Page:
“The world has lost an immense and enduring presence.” These were the words penned by Shetland MSP Tavish Scott today in a book of condolence for Nelson Mandela.
Shetland Islands Council began the tribute on Friday following the death of the former South African president and anti-apartheid campaigner.
Mr Scott said he studied apartheid while a student at the Anderson High School and said Mandela was a “figure that children will follow and learn from for generations to come”.
When Mr Scott was elected to the council in 1994, it was the same month millions stood in line to vote for Mandela to be president.
“I just remember people queuing for hours and hours on end,” Mr Scott said. “It was quite something.”
Huge rock concerts and events calling for Mandela’s release from prison were also abiding memories, Mr Scott said, along with the passionate anti-apartheid feeling in Shetland.
“I think those enormous concerts that happened in Wembley and other parts of the world were very important in making sure the Mandela flame was kept alive for the next generation,” he said.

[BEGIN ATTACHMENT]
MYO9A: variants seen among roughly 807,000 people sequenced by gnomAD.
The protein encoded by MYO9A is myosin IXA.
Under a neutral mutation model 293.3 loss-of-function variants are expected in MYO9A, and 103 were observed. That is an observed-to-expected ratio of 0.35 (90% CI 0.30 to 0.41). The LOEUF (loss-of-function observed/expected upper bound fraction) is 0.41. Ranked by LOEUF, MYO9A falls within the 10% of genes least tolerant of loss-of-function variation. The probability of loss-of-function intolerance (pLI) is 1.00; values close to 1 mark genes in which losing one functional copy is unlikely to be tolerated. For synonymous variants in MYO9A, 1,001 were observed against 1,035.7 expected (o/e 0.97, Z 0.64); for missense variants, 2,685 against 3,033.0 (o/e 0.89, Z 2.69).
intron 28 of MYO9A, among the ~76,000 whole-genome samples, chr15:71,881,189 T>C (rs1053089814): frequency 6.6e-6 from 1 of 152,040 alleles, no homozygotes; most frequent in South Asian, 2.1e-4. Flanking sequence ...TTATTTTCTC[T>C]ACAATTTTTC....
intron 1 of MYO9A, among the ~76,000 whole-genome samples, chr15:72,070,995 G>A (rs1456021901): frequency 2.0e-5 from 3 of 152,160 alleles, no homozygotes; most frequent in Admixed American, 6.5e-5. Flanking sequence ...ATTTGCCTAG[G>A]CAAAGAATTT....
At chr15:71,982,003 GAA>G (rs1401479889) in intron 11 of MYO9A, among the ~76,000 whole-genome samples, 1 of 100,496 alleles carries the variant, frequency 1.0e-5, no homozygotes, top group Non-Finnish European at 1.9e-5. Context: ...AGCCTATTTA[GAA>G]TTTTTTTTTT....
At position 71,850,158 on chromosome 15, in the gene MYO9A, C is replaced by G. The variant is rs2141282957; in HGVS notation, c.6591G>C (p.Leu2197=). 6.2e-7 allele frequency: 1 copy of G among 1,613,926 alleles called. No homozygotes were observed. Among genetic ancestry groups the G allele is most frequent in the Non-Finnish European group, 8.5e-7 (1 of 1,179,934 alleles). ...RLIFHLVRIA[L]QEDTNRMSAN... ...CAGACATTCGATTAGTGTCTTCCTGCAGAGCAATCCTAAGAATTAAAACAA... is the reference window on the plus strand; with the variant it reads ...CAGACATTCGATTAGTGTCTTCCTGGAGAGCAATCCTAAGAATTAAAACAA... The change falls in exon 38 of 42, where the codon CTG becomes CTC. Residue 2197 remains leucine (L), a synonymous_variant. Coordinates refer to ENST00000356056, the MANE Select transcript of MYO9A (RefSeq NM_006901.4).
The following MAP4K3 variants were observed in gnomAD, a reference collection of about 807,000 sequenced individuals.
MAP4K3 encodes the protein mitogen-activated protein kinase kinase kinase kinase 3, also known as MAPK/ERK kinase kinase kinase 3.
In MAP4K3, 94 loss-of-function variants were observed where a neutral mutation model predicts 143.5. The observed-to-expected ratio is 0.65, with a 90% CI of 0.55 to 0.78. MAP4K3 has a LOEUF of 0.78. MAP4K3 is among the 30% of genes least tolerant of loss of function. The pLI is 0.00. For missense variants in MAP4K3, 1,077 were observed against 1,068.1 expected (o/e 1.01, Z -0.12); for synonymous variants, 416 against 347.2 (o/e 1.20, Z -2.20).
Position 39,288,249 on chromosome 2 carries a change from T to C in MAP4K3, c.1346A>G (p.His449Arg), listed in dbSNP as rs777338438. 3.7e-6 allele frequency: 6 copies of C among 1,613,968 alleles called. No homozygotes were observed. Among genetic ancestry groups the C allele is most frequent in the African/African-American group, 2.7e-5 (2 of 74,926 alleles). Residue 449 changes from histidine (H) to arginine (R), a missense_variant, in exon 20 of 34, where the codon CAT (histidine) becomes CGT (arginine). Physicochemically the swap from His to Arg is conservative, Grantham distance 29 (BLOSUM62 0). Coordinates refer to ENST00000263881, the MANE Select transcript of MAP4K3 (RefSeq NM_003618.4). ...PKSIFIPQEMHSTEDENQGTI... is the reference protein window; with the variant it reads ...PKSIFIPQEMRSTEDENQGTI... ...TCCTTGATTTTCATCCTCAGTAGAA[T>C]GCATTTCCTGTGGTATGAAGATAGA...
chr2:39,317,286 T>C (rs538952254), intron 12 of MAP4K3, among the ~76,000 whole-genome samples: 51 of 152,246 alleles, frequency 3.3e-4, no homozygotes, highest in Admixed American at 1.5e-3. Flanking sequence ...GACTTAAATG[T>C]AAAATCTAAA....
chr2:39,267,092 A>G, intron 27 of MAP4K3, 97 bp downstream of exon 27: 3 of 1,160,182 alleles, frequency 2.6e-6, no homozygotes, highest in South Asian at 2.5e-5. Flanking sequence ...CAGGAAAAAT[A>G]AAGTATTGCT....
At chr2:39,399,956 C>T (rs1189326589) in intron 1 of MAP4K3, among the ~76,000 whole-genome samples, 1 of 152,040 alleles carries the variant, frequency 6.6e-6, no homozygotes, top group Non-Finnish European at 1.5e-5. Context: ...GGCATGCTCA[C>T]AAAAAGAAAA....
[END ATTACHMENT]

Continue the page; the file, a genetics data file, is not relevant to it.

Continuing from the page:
Shetland Islands Council convener Malcolm Bell described Mandela as “A man of great courage, dignity and determination, whose like will not be seen again”.
Shetland, Mr Bell said, had a number of strong links with South Africa through projects like The Global Classroom scheme – a student exchange programme which the Anderson High School was involved with. Mr Bell’s son visited South Africa in 2003 through the project.
“What I found most impressive was his [Mandela’s] grim determination, dignity and sheer good manners in the face of some insurmountable odds,” Mr Bell said. “He was a colossus whose like we will not see again in our lifetimes.”
The book of condolence is located inside the main door at the Lerwick Town Hall and is available to the public during office hours.
“It’s very important to give Shetland people and opportunity to express their appreciation for his life,” Mr Bell added.